This is the Airbnb of home chefs.
Try global cuisine from the comfort of a stranger’s living room.
Traveling Spoon allows vacationers to enjoy authentic, off-the-beaten-path dining experiences in homes around the world, such as sampling empanadas in Buenos Aires, slow-roasted lamb in Greece, or prawn malai curry in Bangladesh. The idea was dreamed up by two avid travelers who were sick of doing the same-old guidebook stuff while they were abroad.
“When I went on a family vacation to China, in some ways, it was this negative traveling experience because it was so touristy,” recalls Traveling Spoon co-founder Stephanie Lawrence. “We’d eat in these huge hotel banquet halls with other tourists. I felt so disconnected from the culture.”
Lawrence moved to China in 2009, and spent six months learning the language and experiencing the culture — such as living out her ultimate foodie goal to make dumplings with a local Chinese grandmother.
“I wanted to learn the recipes that people were passing down through generations,” she says.
Lawrence, 33, met her future business partner, Aashi Vel, 39, while studying at the Haas School of Business at the University of California, Berkeley in 2011. The duo bonded over their shared love of food and travel, which led to conceiving Traveling Spoon. They tested it on a classmate in 2013 by having a fellow MBA student trek to India and try their recommended food experiences. They tapped into their college network for global food recommendations, and collaborated with select tourism boards in a number of countries before officially launching the business in 2015.
They now have hosts — 85% of whom are women — in 110 cities across 44 countries (including India, Thailand, Indonesia and Morocco) dishing out more than 1,000 different dining experiences. Travelers book sessions on the Traveling Spoon website, and can reserve the in-home meals, cooking classes or market tours a few weeks in advance, or even just the day before. Once they sign up, guests are connected with vetted locals who demonstrate how to cook their homemade meal, and share stories behind culinary traditions and passed down recipes, before everyone sits and eats together.
The experiences provide a true feast for the senses. Travelers visiting Bali can learn to grind up fresh spices from scratch using a traditional Indonesian cobek (similar to a mortar and pestle) for dishes like bumbu kuning (chicken in a fresh turmeric and coconut milk sauce) while visiting the family village Ubud. Or prepare an Ethiopian sourdough-risen flatbread called injera, and partake in an Ethiopian coffee ceremony (considered a symbol of friendship and respect in Ethiopian hospitality). You can also tour a London farmer’s market with a Michelin-star trained chef before returning to a penthouse flat in Notting Hill for a British cooking course. Most experiences cost around $60 per person, but can run up to $232 for an Icelandic cooking lesson with a trained opera singer and author in central Reykjavik.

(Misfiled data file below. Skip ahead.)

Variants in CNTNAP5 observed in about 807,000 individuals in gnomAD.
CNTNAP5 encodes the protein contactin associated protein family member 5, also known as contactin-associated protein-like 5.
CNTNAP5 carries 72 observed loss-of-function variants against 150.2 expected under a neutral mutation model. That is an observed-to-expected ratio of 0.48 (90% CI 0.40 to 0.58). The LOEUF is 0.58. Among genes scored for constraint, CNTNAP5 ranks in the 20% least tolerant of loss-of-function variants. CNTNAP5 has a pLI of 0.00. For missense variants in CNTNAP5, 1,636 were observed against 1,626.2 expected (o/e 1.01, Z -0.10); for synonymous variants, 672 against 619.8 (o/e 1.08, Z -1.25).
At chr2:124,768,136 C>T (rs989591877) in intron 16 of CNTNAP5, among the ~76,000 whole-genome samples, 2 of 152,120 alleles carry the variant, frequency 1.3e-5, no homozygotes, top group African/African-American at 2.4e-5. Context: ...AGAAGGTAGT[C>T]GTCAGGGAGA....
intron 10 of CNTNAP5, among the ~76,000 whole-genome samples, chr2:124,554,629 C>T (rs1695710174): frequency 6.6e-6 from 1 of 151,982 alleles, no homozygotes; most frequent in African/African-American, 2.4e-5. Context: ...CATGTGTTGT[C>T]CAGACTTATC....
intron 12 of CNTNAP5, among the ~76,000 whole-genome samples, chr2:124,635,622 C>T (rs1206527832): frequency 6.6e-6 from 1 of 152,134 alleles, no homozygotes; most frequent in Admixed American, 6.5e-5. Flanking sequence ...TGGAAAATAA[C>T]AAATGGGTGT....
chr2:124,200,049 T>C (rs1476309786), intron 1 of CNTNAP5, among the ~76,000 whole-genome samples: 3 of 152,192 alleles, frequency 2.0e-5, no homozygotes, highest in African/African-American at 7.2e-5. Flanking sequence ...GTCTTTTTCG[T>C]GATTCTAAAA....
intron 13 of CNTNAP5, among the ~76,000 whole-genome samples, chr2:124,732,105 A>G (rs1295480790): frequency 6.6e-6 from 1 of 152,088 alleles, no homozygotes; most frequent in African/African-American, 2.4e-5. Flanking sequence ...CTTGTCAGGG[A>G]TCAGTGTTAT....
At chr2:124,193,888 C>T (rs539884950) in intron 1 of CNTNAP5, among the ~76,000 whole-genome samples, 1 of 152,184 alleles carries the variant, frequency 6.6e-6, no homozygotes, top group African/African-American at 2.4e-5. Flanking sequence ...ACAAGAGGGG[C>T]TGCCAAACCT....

Diana Jacob, a 40-year-old New York City native, quit her job as a former hospital executive to travel the world for a year on a “sort of sabbatical without retiring,” as she puts it. And she was hungry for an authentic dining experience while visiting Morocco last year.
“Being of South Indian descent, when I got to Morocco, I really wanted to have an authentic experience with food and cooking because of my love of spices,” says Jacob. “I found a lot of restaurants (that) offered cooking classes, but they were very touristy, and I already know how to cook. I wanted the local cultural experience.”
After many locals told Jacob that the restaurant food in Morocco is nothing like what people who live there actually eat, she read about Traveling Spoon online and booked a class.
“I learned the secrets to making traditional couscous, tagine, eggplant and harissa. It was a very special experience — not just for the cooking class, but also for the dialogue, and cultural learning,” she says. “We sat for hours just talking about life and love.”
While breaking bread with complete strangers may sound intimidating for some, this ambitious globetrotter, who is now in Israel, wasn’t scared to go into the dining experience alone. “I’m traveling solo, and I’m not afraid of strangers,” she says.
Traveling Spoon makes safety a major priority to ensure both travelers and hosts are protected. Lawrence says that each host goes through three intense rounds of interviews before getting hired. This includes filling out an application answering personal questions about their culinary backgrounds and work experience. Next is a live interview to further vet them, followed by Traveling Spoon team members personally taking each host on a taste-drive, watching for whether the hosts adhere to food safety policies (such as properly cooking the food, and washing veggies with clean water, etc.) to ensure the meal is up-to-par for customers.
While Traveling Spoon can’t run background checks on every traveler who signs up, the traveler and host are able to correspond via email beforehand, and the host can either accept or reject a perspective guest (sort of like booking with Airbnb).
“Safety is our number one priority,” says Lawrence, noting that the business, hosts and guests are also covered through an insurance policy.
More than half of the hosts come from current host referrals, which is how the Traveling Spoon network continues to grow. And Lawrence typically takes four- to six-week-long business trips to seek out potential new hosts.
“Our mission is all about making sure travel is more meaningful,” she says.
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